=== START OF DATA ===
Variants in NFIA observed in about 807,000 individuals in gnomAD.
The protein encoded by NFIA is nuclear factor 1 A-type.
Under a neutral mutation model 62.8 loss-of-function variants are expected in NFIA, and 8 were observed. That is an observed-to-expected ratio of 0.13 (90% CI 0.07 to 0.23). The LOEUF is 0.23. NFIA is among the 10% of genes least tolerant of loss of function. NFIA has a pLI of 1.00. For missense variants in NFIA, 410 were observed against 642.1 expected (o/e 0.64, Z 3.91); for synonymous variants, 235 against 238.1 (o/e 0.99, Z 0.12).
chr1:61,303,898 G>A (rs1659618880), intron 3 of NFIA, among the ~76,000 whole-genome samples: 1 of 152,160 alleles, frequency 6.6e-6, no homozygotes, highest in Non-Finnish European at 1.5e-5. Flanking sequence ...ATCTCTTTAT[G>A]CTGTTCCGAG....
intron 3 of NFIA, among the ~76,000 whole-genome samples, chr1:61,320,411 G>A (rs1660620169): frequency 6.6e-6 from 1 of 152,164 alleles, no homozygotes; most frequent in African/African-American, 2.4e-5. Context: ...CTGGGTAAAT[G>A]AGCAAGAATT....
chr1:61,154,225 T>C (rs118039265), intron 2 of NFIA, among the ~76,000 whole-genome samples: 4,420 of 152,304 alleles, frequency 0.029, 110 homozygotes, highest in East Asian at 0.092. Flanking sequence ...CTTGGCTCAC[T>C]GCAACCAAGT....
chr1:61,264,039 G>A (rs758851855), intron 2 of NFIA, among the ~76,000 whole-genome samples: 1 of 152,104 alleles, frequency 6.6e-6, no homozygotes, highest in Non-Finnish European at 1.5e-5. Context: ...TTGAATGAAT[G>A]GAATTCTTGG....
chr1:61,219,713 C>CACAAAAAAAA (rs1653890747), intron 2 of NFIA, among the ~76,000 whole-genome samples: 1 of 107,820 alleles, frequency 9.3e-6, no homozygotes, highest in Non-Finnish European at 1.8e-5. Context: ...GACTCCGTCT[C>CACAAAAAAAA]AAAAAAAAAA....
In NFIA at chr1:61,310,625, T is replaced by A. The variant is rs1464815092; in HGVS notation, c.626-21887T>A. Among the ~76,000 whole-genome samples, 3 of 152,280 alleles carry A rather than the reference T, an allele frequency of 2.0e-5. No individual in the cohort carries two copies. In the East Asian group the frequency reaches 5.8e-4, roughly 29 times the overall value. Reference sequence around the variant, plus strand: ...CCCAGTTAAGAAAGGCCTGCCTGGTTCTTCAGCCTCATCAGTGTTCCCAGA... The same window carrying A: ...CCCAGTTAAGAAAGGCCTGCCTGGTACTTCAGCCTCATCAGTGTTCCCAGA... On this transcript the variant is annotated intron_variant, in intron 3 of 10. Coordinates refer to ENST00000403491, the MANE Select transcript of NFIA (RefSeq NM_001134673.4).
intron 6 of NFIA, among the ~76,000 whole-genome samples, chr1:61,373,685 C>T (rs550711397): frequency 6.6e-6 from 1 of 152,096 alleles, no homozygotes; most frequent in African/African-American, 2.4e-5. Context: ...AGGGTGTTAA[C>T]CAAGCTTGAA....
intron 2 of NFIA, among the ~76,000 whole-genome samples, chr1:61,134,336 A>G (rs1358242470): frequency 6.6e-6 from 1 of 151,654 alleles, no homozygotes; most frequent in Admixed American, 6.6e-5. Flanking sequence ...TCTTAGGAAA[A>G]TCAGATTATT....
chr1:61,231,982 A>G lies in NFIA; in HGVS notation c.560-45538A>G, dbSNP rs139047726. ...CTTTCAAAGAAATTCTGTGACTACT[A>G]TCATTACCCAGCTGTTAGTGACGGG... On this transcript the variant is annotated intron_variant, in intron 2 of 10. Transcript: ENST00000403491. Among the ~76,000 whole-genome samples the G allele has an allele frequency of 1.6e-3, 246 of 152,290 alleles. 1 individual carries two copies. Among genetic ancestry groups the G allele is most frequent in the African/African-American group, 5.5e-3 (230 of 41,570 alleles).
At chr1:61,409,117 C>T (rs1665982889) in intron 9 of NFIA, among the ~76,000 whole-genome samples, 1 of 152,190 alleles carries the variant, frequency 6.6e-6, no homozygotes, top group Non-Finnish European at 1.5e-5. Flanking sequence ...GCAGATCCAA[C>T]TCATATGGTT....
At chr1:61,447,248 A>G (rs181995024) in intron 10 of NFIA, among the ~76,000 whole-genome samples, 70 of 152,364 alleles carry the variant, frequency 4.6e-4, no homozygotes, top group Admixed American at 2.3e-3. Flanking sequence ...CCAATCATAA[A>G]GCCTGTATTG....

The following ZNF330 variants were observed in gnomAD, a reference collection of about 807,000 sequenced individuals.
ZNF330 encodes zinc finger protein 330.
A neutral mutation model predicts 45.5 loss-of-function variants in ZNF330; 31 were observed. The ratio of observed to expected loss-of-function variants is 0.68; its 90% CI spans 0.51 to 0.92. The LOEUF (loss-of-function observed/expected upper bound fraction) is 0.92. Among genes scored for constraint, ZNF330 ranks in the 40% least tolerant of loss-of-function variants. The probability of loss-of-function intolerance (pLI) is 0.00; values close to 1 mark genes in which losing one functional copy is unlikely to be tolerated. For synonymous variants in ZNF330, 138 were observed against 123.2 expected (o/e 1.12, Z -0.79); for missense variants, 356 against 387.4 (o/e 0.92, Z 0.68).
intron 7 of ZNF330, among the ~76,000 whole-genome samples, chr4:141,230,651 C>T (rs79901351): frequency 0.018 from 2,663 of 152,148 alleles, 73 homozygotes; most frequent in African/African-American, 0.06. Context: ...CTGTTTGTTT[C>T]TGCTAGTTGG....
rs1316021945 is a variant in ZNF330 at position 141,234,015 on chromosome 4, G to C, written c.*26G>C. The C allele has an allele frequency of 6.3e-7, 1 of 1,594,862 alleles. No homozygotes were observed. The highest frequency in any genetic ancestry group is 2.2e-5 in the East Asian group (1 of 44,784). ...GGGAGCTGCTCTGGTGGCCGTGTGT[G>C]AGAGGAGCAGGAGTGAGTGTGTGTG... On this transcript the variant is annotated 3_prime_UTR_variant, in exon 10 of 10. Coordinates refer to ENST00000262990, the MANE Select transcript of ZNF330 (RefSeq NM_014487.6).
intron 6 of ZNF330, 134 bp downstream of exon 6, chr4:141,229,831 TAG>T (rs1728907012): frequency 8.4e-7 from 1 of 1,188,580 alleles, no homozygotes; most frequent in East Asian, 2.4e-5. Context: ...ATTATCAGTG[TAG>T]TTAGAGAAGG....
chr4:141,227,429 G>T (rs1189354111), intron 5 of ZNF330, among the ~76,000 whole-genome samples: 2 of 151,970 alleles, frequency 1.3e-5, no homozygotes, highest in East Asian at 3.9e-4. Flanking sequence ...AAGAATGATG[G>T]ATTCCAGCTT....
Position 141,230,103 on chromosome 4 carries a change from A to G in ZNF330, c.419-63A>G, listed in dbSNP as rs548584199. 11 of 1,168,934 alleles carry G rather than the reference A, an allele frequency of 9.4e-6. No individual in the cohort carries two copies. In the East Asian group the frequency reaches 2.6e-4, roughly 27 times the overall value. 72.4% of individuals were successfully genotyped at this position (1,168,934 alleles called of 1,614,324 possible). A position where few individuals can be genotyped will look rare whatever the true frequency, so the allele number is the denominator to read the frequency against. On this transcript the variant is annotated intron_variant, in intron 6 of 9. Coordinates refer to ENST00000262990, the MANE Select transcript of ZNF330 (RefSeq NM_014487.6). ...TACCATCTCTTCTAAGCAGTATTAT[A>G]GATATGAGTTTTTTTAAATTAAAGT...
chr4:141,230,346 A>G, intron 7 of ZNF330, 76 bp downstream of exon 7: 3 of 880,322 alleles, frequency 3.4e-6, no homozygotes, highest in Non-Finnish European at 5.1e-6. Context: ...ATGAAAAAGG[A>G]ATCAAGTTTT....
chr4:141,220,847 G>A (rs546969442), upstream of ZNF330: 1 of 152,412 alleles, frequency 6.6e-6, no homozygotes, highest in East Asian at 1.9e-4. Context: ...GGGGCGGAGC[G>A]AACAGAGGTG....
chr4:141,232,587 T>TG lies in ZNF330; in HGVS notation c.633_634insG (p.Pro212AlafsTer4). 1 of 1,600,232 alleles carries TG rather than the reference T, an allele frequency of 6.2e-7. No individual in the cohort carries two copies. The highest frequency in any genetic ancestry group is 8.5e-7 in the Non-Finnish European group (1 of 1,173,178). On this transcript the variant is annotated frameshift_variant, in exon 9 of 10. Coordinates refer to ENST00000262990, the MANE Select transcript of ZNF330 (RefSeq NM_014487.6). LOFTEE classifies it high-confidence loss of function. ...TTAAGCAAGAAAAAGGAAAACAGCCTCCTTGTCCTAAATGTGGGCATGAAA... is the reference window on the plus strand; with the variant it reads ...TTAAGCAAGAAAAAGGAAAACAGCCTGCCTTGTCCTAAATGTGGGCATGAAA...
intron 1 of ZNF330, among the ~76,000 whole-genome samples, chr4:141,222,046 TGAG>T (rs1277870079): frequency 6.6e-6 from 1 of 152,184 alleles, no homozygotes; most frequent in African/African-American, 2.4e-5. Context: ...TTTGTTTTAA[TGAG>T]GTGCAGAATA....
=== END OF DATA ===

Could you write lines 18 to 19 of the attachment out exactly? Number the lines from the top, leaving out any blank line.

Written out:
intron 7 of ZNF330, among the ~76,000 whole-genome samples, chr4:141,230,651 C>T (rs79901351): frequency 0.018 from 2,663 of 152,148 alleles, 73 homozygotes; most frequent in African/African-American, 0.06. Context: ...CTGTTTGTTT[C>T]TGCTAGTTGG....
rs1316021945 is a variant in ZNF330 at position 141,234,015 on chromosome 4, G to C, written c.*26G>C. The C allele has an allele frequency of 6.3e-7, 1 of 1,594,862 alleles. No homozygotes were observed. The highest frequency in any genetic ancestry group is 2.2e-5 in the East Asian group (1 of 44,784). ...GGGAGCTGCTCTGGTGGCCGTGTGT[G>C]AGAGGAGCAGGAGTGAGTGTGTGTG... On this transcript the variant is annotated 3_prime_UTR_variant, in exon 10 of 10. Coordinates refer to ENST00000262990, the MANE Select transcript of ZNF330 (RefSeq NM_014487.6).